Skip to Main Content
U.S. Forest Service
Caring for the land and serving people

United States Department of Agriculture

Home > Search > Publication Information

  1. Share via EmailShare on FacebookShare on LinkedInShare on Twitter
    Dislike this pubLike this pub
    Author(s): John L. CampbellLindsey E. Rustad; Charles T. Driscoll; Ian Halm; Timothy J. Fahey; Habibollah Fakhraei; Peter M. Groffman; Gary J. Hawley; Wendy Leuenberger; Paul G. Schaberg
    Date: 2020
    Source: Journal of Visualized Experiments
    Publication Series: Scientific Journal (JRNL)
    Station: Northern Research Station
    PDF: Download Publication  (589.0 KB)


    Ice storms can have profound and lasting effects on the structure and function of forest ecosystems in regions that experience freezing conditions. Current models suggest that the frequency and intensity of ice storms could increase over the coming decades in response to changes in climate, heightening interest in understanding their impacts. Because of the stochastic nature of ice storms and difficulties in predicting when and where they will occur, most past investigations of the ecological effects of ice storms have been based on case studies following major storms. Since intense ice storms are exceedingly rare events it is impractical to study them by waiting for their natural occurrence. Here we present a novel alternative experimental approach, involving the simulation of glaze ice events on forest plots under field conditions. With this method, water is pumped from a stream or lake and sprayed above the forest canopy when air temperatures are below freezing. The water rains down and freezes upon contact with cold surfaces. As the ice accumulates on trees, the boles and branches bend and break; damage that can be quantified through comparisons with untreated reference stands. The experimental approach described is advantageous because it enables control over the timing and amount of ice applied. Creating ice storms of different frequency and intensity makes it possible to identify critical ecological thresholds necessary for predicting and preparing for ice storm impacts.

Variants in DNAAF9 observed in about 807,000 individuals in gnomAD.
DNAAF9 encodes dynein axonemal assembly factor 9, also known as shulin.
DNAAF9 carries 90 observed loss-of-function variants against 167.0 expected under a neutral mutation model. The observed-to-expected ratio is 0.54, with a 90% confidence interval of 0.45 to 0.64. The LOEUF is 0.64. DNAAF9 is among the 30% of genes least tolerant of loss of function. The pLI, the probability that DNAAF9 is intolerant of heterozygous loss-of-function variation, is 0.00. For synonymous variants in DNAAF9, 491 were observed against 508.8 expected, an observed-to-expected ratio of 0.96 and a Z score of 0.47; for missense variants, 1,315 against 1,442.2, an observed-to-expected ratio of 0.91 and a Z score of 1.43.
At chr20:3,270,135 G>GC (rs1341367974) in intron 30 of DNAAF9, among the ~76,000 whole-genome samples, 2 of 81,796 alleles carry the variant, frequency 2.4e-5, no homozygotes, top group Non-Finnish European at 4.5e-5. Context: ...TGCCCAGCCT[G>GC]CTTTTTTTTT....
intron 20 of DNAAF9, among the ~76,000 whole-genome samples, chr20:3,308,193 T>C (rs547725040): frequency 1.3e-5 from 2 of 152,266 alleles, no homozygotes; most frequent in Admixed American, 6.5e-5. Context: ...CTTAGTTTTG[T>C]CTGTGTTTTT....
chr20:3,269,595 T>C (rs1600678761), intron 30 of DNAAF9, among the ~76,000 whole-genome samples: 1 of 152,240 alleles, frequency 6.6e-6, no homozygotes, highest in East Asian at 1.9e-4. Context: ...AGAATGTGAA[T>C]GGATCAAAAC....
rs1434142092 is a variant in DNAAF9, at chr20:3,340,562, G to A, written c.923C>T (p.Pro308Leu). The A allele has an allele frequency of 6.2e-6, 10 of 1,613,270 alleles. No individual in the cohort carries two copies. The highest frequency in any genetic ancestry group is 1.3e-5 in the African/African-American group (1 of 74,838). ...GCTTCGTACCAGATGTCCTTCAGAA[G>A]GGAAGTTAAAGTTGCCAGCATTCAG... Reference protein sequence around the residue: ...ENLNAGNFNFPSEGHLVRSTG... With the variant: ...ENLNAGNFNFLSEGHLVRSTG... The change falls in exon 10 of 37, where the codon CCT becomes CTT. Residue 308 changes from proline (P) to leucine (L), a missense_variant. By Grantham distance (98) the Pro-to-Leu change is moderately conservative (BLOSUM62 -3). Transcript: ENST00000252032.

Publication Notes

    • Check the Northern Research Station web site to request a printed copy of this publication.
    • Our on-line publications are scanned and captured using Adobe Acrobat.
    • During the capture process some typographical errors may occur.
    • Please contact Sharon Hobrla, if you notice any errors which make this publication unusable.
    • We recommend that you also print this page and attach it to the printout of the article, to retain the full citation information.
    • This article was written and prepared by U.S. Government employees on official time, and is therefore in the public domain.


    Campbell, John L.; Rustad, Lindsey E.; Driscoll, Charles T.; Halm, Ian; Fahey, Timothy J.; Fakhraei, Habibollah; Groffman, Peter M.; Hawley, Gary J.; Leuenberger, Wendy; Schaberg, Paul G. 2020. Simulating Impacts of Ice Storms on Forest Ecosystems. Journal of Visualized Experiments. 160: e61492. 15 p.


    Google Scholar

    Related Search

    XML: View XML
Show More
Show Fewer
Jump to Top of Page